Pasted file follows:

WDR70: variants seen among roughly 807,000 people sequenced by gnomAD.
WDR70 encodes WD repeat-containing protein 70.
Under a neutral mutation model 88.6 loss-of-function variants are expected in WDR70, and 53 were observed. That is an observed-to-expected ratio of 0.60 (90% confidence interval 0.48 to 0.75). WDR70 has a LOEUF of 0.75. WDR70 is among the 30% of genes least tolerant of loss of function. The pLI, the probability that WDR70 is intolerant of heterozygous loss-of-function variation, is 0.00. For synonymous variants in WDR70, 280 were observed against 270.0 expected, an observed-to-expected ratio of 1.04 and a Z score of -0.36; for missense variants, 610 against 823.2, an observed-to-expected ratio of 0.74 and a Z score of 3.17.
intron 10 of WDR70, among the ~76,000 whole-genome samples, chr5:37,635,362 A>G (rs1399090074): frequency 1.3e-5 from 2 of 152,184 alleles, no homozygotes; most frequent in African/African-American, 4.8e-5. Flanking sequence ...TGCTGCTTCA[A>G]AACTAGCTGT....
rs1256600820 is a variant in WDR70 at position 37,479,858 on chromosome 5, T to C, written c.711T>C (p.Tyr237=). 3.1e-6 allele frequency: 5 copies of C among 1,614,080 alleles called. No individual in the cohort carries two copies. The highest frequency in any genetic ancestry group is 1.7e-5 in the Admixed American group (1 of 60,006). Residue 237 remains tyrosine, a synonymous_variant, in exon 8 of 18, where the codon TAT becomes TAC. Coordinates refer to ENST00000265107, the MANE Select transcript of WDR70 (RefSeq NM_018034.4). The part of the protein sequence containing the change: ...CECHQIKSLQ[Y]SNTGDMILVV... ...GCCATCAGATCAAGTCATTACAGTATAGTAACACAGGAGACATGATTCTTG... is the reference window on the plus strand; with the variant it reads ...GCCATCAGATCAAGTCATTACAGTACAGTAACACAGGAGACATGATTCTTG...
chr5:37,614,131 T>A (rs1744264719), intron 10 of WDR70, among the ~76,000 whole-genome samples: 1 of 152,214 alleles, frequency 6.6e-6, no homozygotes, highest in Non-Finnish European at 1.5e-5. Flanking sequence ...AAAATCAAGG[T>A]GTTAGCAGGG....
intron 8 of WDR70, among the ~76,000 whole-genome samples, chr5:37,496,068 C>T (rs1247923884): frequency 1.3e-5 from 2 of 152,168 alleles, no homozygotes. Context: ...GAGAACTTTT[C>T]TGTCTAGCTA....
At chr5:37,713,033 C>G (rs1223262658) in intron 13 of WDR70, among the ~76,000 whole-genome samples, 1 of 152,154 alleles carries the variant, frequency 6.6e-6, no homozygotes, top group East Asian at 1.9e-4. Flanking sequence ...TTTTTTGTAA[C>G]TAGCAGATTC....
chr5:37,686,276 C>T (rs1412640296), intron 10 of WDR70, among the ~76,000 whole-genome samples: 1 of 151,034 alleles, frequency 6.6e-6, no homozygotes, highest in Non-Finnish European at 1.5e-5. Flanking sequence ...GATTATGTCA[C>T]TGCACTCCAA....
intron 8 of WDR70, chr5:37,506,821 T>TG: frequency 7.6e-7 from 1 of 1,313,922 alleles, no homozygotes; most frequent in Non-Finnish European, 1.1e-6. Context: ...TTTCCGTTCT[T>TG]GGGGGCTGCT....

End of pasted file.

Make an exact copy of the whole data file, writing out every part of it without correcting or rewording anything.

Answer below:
WDR70: variants seen among roughly 807,000 people sequenced by gnomAD.
WDR70 encodes WD repeat-containing protein 70.
Under a neutral mutation model 88.6 loss-of-function variants are expected in WDR70, and 53 were observed. That is an observed-to-expected ratio of 0.60 (90% confidence interval 0.48 to 0.75). WDR70 has a LOEUF of 0.75. WDR70 is among the 30% of genes least tolerant of loss of function. The pLI, the probability that WDR70 is intolerant of heterozygous loss-of-function variation, is 0.00. For synonymous variants in WDR70, 280 were observed against 270.0 expected, an observed-to-expected ratio of 1.04 and a Z score of -0.36; for missense variants, 610 against 823.2, an observed-to-expected ratio of 0.74 and a Z score of 3.17.
intron 10 of WDR70, among the ~76,000 whole-genome samples, chr5:37,635,362 A>G (rs1399090074): frequency 1.3e-5 from 2 of 152,184 alleles, no homozygotes; most frequent in African/African-American, 4.8e-5. Flanking sequence ...TGCTGCTTCA[A>G]AACTAGCTGT....
rs1256600820 is a variant in WDR70 at position 37,479,858 on chromosome 5, T to C, written c.711T>C (p.Tyr237=). 3.1e-6 allele frequency: 5 copies of C among 1,614,080 alleles called. No individual in the cohort carries two copies. The highest frequency in any genetic ancestry group is 1.7e-5 in the Admixed American group (1 of 60,006). Residue 237 remains tyrosine, a synonymous_variant, in exon 8 of 18, where the codon TAT becomes TAC. Coordinates refer to ENST00000265107, the MANE Select transcript of WDR70 (RefSeq NM_018034.4). The part of the protein sequence containing the change: ...CECHQIKSLQ[Y]SNTGDMILVV... ...GCCATCAGATCAAGTCATTACAGTATAGTAACACAGGAGACATGATTCTTG... is the reference window on the plus strand; with the variant it reads ...GCCATCAGATCAAGTCATTACAGTACAGTAACACAGGAGACATGATTCTTG...
chr5:37,614,131 T>A (rs1744264719), intron 10 of WDR70, among the ~76,000 whole-genome samples: 1 of 152,214 alleles, frequency 6.6e-6, no homozygotes, highest in Non-Finnish European at 1.5e-5. Flanking sequence ...AAAATCAAGG[T>A]GTTAGCAGGG....
intron 8 of WDR70, among the ~76,000 whole-genome samples, chr5:37,496,068 C>T (rs1247923884): frequency 1.3e-5 from 2 of 152,168 alleles, no homozygotes. Context: ...GAGAACTTTT[C>T]TGTCTAGCTA....
At chr5:37,713,033 C>G (rs1223262658) in intron 13 of WDR70, among the ~76,000 whole-genome samples, 1 of 152,154 alleles carries the variant, frequency 6.6e-6, no homozygotes, top group East Asian at 1.9e-4. Flanking sequence ...TTTTTTGTAA[C>G]TAGCAGATTC....
chr5:37,686,276 C>T (rs1412640296), intron 10 of WDR70, among the ~76,000 whole-genome samples: 1 of 151,034 alleles, frequency 6.6e-6, no homozygotes, highest in Non-Finnish European at 1.5e-5. Flanking sequence ...GATTATGTCA[C>T]TGCACTCCAA....
intron 8 of WDR70, chr5:37,506,821 T>TG: frequency 7.6e-7 from 1 of 1,313,922 alleles, no homozygotes; most frequent in Non-Finnish European, 1.1e-6. Context: ...TTTCCGTTCT[T>TG]GGGGGCTGCT....